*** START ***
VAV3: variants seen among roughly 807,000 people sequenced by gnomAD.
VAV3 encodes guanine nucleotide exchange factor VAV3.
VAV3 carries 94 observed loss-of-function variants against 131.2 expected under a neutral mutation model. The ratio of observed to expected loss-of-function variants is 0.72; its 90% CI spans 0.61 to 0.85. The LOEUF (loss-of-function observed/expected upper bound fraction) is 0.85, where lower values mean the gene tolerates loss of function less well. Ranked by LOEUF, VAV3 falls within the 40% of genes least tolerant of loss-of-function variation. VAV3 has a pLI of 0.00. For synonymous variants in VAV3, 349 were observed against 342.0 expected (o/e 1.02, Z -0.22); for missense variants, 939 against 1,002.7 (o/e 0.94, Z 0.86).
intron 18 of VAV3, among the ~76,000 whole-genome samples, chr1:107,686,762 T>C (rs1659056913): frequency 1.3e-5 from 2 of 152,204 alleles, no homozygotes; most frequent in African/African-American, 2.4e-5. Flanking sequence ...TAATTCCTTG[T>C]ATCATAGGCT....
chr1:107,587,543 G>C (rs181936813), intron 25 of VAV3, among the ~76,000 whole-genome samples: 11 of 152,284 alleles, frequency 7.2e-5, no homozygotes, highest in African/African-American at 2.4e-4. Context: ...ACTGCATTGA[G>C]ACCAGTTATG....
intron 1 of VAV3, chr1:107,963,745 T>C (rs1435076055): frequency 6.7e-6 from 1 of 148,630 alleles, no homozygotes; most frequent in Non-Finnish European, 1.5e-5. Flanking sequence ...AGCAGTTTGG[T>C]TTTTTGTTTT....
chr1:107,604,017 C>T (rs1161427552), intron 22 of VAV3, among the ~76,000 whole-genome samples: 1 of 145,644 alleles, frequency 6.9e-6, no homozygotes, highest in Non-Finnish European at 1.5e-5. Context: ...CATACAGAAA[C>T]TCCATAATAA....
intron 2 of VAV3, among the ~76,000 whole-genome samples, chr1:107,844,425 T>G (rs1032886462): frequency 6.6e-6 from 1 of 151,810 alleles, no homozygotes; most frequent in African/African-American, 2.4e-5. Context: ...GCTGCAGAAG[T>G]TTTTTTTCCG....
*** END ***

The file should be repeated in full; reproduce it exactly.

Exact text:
VAV3: variants seen among roughly 807,000 people sequenced by gnomAD.
VAV3 encodes guanine nucleotide exchange factor VAV3.
VAV3 carries 94 observed loss-of-function variants against 131.2 expected under a neutral mutation model. The ratio of observed to expected loss-of-function variants is 0.72; its 90% CI spans 0.61 to 0.85. The LOEUF (loss-of-function observed/expected upper bound fraction) is 0.85, where lower values mean the gene tolerates loss of function less well. Ranked by LOEUF, VAV3 falls within the 40% of genes least tolerant of loss-of-function variation. VAV3 has a pLI of 0.00. For synonymous variants in VAV3, 349 were observed against 342.0 expected (o/e 1.02, Z -0.22); for missense variants, 939 against 1,002.7 (o/e 0.94, Z 0.86).
intron 18 of VAV3, among the ~76,000 whole-genome samples, chr1:107,686,762 T>C (rs1659056913): frequency 1.3e-5 from 2 of 152,204 alleles, no homozygotes; most frequent in African/African-American, 2.4e-5. Flanking sequence ...TAATTCCTTG[T>C]ATCATAGGCT....
chr1:107,587,543 G>C (rs181936813), intron 25 of VAV3, among the ~76,000 whole-genome samples: 11 of 152,284 alleles, frequency 7.2e-5, no homozygotes, highest in African/African-American at 2.4e-4. Context: ...ACTGCATTGA[G>C]ACCAGTTATG....
intron 1 of VAV3, chr1:107,963,745 T>C (rs1435076055): frequency 6.7e-6 from 1 of 148,630 alleles, no homozygotes; most frequent in Non-Finnish European, 1.5e-5. Flanking sequence ...AGCAGTTTGG[T>C]TTTTTGTTTT....
chr1:107,604,017 C>T (rs1161427552), intron 22 of VAV3, among the ~76,000 whole-genome samples: 1 of 145,644 alleles, frequency 6.9e-6, no homozygotes, highest in Non-Finnish European at 1.5e-5. Context: ...CATACAGAAA[C>T]TCCATAATAA....
intron 2 of VAV3, among the ~76,000 whole-genome samples, chr1:107,844,425 T>G (rs1032886462): frequency 6.6e-6 from 1 of 151,810 alleles, no homozygotes; most frequent in African/African-American, 2.4e-5. Context: ...GCTGCAGAAG[T>G]TTTTTTTCCG....